The Furious Gazelle

Literary as hell.

Tag: Historical fiction

Book Review: The Wright Sister by Patty Dann

the wright sister by patty dannReview by Tess Tabak

Everyone has heard about the famous Wright brothers, who gave humanity the gift of flight. But who was behind the brothers, helping them face the public and knitting them zigzag socks?

 

Patty Dann’s The Wright Sister explores the oft-forgotten Katharine Wright, Wilbur and Orville’s sister. This is based on a true story: Orville Wright was apparently a very particular man, and although he and his sister were very close, he immediately stopped speaking to her after she was married. The book combines Katharine’s “marriage diary” with a series of letter she writes to Orville after he stopped speaking to her. (Wilbur had already passed away by this point.)

 

Aside from Orv and Katharine’s very real rift, much of the rest of the book comes from Dann’s imagination. She did some light research, but didn’t let details stop her rich fictitious version of Katharine’s life. Katharine Wright is an interesting character, a strong feminist with as strong a technical knowledge of airplanes as her brothers had. In Dann’s hands, she is very outspoken and honest in the pages of her own diary, admitting her lust for her husband and newly discovered pleasure (she married for the first time in her fifties). There are some tongue in cheek nods to the true author’s actual knowledge of historical events (in 1928 she writes Orville that she hopes he’s not investing money in the stock market, for example) but for the most part it feels fairly true to the time period in which it was set.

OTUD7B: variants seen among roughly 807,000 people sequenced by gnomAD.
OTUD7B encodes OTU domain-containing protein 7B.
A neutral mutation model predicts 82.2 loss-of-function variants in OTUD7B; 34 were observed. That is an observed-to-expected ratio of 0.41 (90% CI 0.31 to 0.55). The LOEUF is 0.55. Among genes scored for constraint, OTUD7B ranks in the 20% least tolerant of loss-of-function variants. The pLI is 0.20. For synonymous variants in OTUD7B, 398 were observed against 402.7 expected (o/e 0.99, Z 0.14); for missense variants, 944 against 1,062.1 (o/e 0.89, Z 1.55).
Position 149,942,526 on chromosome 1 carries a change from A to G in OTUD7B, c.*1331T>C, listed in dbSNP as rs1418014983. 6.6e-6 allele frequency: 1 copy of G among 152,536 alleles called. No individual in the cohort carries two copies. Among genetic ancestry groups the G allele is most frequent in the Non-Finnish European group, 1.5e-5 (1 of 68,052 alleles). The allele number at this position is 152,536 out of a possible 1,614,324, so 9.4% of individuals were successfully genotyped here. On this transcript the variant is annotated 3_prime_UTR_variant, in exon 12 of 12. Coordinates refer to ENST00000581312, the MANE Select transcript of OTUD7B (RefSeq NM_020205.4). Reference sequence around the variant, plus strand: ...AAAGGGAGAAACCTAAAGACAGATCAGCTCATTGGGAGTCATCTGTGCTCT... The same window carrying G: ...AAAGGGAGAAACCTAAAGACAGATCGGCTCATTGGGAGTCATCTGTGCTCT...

Continue reading

Book Review: Disoriental by Négar Djavadi

By Tess Tabak

Disoriental, a new novel by Négar Djavadi, tells the epic story of a family, the Sadrs, across a century of true Iranian history. Kimia, the youngest daughter of Darius and Sara Sadr, is the self-appointed keeper of family lore. She tells her own story through the lens of her extended family’s history, weaving the tales in and out of each other like a modern day Scherzerade. The family currently lives in France and Disoriental’s message is particularly poignant, and relevant, in today’s political climate, when refugees are not freely welcome in many Western countries.

The novel opens slowly, on Kimia attempting to receive fertility treatment, in a room filled with couples desperate for a child. She is the only one who came to the appointment alone, without a partner. Once you get started this is a hard book to put down. While she waits for the doctor, Kimia braids her present story in and out of her family’s history, set against the backdrop of Iran’s tumultuous political history. Anecdotes fluidly move from one into the other, and the tale jumps back and forth between spans of 20 to 50 years at a time (there’s a helpful key in the back of the book if you lose track of the characters). Continue reading

© 2021 The Furious Gazelle

Theme by Anders NorenUp ↑